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Published: Sat, July 08, 2017
Global Media | By Abel Hampton

At least 28 dead in brutal gang fight in Mexico prison

At least 28 dead in brutal gang fight in Mexico prison

A fight between rival gangs in an Acapulco, Mexico, prison killed at least 28 people, a federal military spokesman said.

With federal police and the army as their backup, state police regained control over the prison.

An internal report from state police stated that guards said some of the victim-inmates' throats were slashed. Last month, Mexico's governmental rights agency reported that many of Mexico's prisons also have unsafe procedures and poor medical care, according to the San Francisco Chronicle.

It was built for 1,624 inmates but had 1,951 men and 110 women behind its walls, he said.

Mexico's prisons are frequently hit by riots, killings and jailbreaks.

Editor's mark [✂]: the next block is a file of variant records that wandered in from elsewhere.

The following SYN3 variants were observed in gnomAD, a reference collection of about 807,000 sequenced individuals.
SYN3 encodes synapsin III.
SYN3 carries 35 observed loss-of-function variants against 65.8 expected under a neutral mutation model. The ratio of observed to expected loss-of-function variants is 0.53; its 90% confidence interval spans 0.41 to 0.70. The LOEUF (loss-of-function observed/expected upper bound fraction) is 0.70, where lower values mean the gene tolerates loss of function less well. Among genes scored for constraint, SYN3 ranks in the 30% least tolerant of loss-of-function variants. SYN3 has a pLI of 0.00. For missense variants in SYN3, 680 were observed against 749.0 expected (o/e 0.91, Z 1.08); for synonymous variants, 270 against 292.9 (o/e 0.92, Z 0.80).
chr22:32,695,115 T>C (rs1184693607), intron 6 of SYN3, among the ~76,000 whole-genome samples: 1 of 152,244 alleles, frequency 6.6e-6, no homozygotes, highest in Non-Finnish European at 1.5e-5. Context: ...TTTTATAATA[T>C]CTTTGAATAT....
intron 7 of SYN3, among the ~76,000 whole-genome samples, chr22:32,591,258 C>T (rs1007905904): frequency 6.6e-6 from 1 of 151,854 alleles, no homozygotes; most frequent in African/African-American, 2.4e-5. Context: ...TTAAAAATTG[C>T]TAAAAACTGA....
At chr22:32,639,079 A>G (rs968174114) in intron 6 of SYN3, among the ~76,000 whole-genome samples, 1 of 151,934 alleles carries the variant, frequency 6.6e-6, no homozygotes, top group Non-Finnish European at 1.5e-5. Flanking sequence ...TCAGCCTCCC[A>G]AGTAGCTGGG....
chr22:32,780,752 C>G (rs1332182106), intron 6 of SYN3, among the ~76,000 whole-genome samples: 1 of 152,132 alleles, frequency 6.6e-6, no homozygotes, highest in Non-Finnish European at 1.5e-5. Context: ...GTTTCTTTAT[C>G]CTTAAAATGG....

This is Mexico's deadliest prison violence since 49 inmates were killed in February previous year in a riot at the Topo Chico prison in Monterrey, in the north-east.

While Acapulco is one of the Mexico's best-known beach resorts, it has been embroiled in gang warfare and ranked one of the world's most murderous cities, according to Voice of America.

It is the biggest city in Guerrero, one of Mexico's most lawless states and a centre of opium poppy production.

That clash was between inmates aligned with the Zetas and Gulf drug cartels.

State police said the prison population is more than 2,000.

Experts say organised crime networks often operate from inside Mexican prisons with the complicity of corrupt officials.

The deadly riot took place hours before DHS Secretary John Kelly was slated to visit the military installations in Acapulco as part of a three-day tour where he is expected to meet with Mexican government cabinet members to discuss the country's lack of security conditions.

Kelly, one of the main links between Mexico's government and the Trump administration on migration and security cooperation, arrived in Mexico on Wednesday and has held meetings with other top officials, including President Enrique Pena Nieto.

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